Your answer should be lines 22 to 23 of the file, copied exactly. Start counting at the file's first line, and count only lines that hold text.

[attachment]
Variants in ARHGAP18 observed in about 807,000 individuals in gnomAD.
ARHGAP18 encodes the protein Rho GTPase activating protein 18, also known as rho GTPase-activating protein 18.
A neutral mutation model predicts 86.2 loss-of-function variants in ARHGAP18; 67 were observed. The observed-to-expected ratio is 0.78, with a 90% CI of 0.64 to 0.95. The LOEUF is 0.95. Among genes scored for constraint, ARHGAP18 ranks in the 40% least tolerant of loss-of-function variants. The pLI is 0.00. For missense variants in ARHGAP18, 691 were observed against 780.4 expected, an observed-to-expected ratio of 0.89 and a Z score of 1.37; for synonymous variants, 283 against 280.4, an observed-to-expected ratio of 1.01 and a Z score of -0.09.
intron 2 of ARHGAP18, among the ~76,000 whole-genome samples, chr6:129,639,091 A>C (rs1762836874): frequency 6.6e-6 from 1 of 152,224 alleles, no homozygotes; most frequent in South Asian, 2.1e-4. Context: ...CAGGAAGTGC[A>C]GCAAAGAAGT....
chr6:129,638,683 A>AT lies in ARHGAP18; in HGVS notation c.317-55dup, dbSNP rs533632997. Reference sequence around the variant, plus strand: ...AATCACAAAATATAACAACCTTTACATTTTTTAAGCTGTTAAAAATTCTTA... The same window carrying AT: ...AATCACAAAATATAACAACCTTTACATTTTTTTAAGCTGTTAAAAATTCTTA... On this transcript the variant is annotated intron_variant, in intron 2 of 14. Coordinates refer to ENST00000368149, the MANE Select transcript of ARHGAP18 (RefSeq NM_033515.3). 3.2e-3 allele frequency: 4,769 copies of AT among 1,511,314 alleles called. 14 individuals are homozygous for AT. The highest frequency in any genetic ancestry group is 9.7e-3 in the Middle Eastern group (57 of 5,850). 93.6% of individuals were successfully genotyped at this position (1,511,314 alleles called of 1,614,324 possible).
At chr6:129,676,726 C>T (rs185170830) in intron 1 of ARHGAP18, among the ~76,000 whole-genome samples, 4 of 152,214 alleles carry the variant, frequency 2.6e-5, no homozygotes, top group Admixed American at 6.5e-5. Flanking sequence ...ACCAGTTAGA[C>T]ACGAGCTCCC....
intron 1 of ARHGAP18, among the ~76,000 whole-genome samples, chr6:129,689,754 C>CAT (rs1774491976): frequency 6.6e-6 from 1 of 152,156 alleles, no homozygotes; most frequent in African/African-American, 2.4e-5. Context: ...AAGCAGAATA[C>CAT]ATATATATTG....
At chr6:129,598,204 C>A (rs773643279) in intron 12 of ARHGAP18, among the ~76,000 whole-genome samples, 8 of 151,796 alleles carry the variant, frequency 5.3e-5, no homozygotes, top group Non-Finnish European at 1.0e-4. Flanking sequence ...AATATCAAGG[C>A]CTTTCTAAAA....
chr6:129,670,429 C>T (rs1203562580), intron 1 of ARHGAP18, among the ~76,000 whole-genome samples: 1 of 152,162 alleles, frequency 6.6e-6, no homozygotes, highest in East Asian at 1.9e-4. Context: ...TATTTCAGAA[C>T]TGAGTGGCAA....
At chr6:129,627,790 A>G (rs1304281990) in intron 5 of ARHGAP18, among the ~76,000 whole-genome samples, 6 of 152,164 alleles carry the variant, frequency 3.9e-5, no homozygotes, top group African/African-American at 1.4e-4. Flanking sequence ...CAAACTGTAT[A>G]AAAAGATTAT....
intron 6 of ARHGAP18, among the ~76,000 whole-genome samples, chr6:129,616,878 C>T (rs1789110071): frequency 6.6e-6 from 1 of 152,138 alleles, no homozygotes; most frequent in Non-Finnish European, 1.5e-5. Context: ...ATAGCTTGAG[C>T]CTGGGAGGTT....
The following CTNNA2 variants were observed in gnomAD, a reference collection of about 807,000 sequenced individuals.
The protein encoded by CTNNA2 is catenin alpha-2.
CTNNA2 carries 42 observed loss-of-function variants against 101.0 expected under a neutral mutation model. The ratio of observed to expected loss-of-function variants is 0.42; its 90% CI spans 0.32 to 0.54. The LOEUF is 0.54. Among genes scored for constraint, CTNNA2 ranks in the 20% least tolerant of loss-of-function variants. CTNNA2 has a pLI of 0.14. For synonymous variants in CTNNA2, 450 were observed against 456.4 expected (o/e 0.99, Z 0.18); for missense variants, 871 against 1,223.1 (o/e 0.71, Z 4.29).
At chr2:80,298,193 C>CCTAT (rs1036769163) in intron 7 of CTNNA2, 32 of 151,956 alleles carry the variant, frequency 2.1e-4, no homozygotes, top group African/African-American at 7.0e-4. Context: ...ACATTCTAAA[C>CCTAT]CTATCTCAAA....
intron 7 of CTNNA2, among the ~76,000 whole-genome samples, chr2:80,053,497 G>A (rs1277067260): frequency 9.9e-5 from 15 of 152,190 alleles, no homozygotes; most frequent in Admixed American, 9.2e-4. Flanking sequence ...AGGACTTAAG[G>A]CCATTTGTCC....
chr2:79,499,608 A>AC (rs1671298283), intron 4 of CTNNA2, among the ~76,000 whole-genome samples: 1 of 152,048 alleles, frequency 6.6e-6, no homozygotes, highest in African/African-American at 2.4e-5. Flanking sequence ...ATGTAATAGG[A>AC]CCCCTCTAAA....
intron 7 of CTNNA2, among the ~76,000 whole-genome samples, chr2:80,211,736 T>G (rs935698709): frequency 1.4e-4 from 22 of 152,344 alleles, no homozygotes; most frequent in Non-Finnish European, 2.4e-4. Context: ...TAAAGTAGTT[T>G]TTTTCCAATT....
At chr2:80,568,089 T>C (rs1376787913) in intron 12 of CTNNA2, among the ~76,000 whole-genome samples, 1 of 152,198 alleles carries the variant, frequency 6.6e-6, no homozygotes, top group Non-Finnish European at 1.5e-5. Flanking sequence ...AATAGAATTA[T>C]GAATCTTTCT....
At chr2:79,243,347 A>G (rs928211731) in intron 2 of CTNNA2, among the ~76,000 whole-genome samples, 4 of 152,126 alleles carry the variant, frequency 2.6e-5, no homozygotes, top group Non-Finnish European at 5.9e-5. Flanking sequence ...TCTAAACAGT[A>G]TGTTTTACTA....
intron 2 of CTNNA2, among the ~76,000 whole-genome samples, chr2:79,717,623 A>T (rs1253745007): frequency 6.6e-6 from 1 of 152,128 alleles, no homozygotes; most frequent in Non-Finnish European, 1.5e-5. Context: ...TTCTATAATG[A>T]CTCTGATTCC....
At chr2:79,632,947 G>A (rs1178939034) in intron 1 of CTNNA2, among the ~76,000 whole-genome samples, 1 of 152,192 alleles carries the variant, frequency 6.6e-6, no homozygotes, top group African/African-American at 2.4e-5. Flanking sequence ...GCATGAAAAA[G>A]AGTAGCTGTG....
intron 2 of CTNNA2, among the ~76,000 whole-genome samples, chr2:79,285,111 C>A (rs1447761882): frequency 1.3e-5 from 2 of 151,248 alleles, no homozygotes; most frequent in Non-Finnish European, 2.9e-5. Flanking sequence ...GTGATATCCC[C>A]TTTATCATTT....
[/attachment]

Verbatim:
At chr2:79,632,947 G>A (rs1178939034) in intron 1 of CTNNA2, among the ~76,000 whole-genome samples, 1 of 152,192 alleles carries the variant, frequency 6.6e-6, no homozygotes, top group African/African-American at 2.4e-5. Flanking sequence ...GCATGAAAAA[G>A]AGTAGCTGTG....
intron 2 of CTNNA2, among the ~76,000 whole-genome samples, chr2:79,285,111 C>A (rs1447761882): frequency 1.3e-5 from 2 of 151,248 alleles, no homozygotes; most frequent in Non-Finnish European, 2.9e-5. Flanking sequence ...GTGATATCCC[C>A]TTTATCATTT....